Zombiewood Express

Zombiewood Express

Just north of Coeur d'Alene, ID, Silverwood Theme Park transforms into "Scarywood" for the month of October. The park’s Halloween makeover is so intense that they advise after-dark guests to leave the kids at home. Take a ride on the Zombiewood Express, a 5-car train that patrols the 200-acre park's perimeter on a mission to kill 2 dozen invading zombies. 960 1280

  

Zoomerang

Zoomerang

Head to Bristol, CT, for Lake Compounce’s daring duo of dread, the Haunted Graveyard and the Zoomerang -- a roller coaster version of a boomerang. The coaster hauls riders up backwards, suspends them 125 feet in the air, then releases them through 3 heart-pounding cobra rolls. Just when the ride comes to a stop, it sends its riders on a return trip backwards! 960 1280

  

Phantom's Revenge

Phantom's Revenge

It's on to Pittsburgh, PA, for the Halloween hangout Phantom Fright Nights at Kennywood. No one is safe from the menacing taunts of 300 zombies, ghouls, vampires and monsters that specialize in shocking guests when they least expect it! Survive the gauntlet of ghouls to get a seat on Phantom's Revenge, a steel coaster that speeds up to 84 mph and boasts an eye-popping 232-foot drop. 960 1280

  

Verbolten

Verbolten

Verbolten at Busch Gardens in Williamsburg, VA, is a high-tech metal coaster that twists through the park's Black Forest, an indoor/outdoor adventure where special effects create encounters with a forest nymph, mysterious red eyes, howling wolves, and a lightning storm. 960 1280

  

The Legend

The Legend

The Legend is a top Halloween scare at Holiday World in Santa Claus, IN. This wooden coaster is named after Washington Irving's "The Legend of Sleepy Hollow.” The 11-story peak hurls riders into the world's first spiral drop, a 115-foot twisting fall that reaches speeds of 65 mph. One ride on this coaster, and you'll have your own Halloween legend to tell! 960 1280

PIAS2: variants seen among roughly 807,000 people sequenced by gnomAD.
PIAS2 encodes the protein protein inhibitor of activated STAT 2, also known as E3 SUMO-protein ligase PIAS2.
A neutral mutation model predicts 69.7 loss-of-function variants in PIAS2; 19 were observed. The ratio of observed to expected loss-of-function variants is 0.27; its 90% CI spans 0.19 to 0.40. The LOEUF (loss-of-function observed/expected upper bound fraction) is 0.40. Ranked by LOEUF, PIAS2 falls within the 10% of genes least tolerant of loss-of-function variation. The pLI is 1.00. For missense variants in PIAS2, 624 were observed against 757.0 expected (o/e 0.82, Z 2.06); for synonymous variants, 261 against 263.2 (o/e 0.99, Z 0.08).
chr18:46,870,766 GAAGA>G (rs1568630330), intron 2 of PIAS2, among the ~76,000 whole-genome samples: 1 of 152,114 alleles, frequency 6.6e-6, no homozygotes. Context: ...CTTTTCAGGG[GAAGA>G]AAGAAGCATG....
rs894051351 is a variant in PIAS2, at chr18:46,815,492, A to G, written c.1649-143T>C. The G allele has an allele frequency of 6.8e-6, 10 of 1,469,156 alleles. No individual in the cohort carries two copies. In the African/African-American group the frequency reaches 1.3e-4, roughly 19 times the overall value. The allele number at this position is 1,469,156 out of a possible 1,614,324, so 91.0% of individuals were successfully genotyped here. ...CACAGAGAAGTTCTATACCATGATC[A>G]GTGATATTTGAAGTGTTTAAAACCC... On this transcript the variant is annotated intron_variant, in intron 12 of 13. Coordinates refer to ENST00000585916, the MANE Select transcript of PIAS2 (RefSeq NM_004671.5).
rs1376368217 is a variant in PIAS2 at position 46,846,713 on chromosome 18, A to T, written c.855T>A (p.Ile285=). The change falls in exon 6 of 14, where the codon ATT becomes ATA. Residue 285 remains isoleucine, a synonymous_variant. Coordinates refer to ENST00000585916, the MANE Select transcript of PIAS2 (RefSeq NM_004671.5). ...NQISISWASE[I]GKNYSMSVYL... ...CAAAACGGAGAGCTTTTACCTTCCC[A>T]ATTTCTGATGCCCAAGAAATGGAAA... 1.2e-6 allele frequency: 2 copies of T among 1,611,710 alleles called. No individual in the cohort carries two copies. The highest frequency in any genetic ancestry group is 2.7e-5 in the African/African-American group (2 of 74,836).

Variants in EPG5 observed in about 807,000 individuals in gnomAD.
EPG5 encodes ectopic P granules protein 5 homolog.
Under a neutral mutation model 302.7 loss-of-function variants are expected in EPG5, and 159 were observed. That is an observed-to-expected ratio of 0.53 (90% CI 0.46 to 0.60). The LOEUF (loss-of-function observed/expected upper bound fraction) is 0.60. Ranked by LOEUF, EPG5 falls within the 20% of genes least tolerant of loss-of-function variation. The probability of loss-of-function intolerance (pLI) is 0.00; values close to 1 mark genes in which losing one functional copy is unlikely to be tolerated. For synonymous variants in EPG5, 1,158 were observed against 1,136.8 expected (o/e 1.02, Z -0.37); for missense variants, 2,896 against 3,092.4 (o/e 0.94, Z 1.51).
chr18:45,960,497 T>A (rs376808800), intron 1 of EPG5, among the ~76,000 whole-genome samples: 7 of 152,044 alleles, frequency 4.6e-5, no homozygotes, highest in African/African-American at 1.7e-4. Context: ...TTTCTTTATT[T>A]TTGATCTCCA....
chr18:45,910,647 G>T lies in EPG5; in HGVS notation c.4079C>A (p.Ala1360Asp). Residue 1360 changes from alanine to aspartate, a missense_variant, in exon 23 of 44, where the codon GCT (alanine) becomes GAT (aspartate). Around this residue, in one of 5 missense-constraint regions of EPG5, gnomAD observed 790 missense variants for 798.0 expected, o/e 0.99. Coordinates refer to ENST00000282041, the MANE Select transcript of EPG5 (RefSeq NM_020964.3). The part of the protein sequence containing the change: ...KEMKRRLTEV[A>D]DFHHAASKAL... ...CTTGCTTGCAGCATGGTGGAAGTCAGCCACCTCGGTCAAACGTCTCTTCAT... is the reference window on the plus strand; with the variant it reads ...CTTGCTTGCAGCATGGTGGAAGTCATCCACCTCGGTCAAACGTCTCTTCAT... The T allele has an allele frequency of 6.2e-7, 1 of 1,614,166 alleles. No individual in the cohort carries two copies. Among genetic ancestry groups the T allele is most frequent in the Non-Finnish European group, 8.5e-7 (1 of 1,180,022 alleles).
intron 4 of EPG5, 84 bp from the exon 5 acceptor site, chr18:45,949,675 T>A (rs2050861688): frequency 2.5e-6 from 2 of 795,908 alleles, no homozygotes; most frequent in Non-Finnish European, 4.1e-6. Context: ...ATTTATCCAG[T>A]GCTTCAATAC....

LeVampire

LeVampire

Cross the border into Montreal, and strap into La Ronde's LeVampire, Quebec's first inverted coaster! The track is above the riding car, so riders' feet dangle helplessly as LeVampire pulls them 100 feet high before letting them spiral down 90 feet in 3 seconds, then swooping back up into a 70-foot vertical loop! 960 1280

  

Cheetah Hunt

Cheetah Hunt

The top ride at Busch Gardens Tampa is Cheetah Hunt, a 120-foot-high triple-launch coaster that is known as the ride with no down time. Cheetah Hunt uses magnet technology and linear synchronous motors to launch riders from 0-60 mph in seconds … 3 different times! 960 1280

  

The Cyclone

The Cyclone

The Cyclone at Brooklyn’s Luna Park offers old-school screams, and during Luna Park's Nights of Horror, they turn the coaster's lights off for a Halloween twist! 960 1280

  

The Raven

The Raven

The Raven at Holiday World in Santa Claus, IN, is not the tallest or the fastest coaster, but it delivers thrills at every turn. It soars over a lake, giving a feeling of flight, with nothing above, below or on either side to orient its riders. 960 1280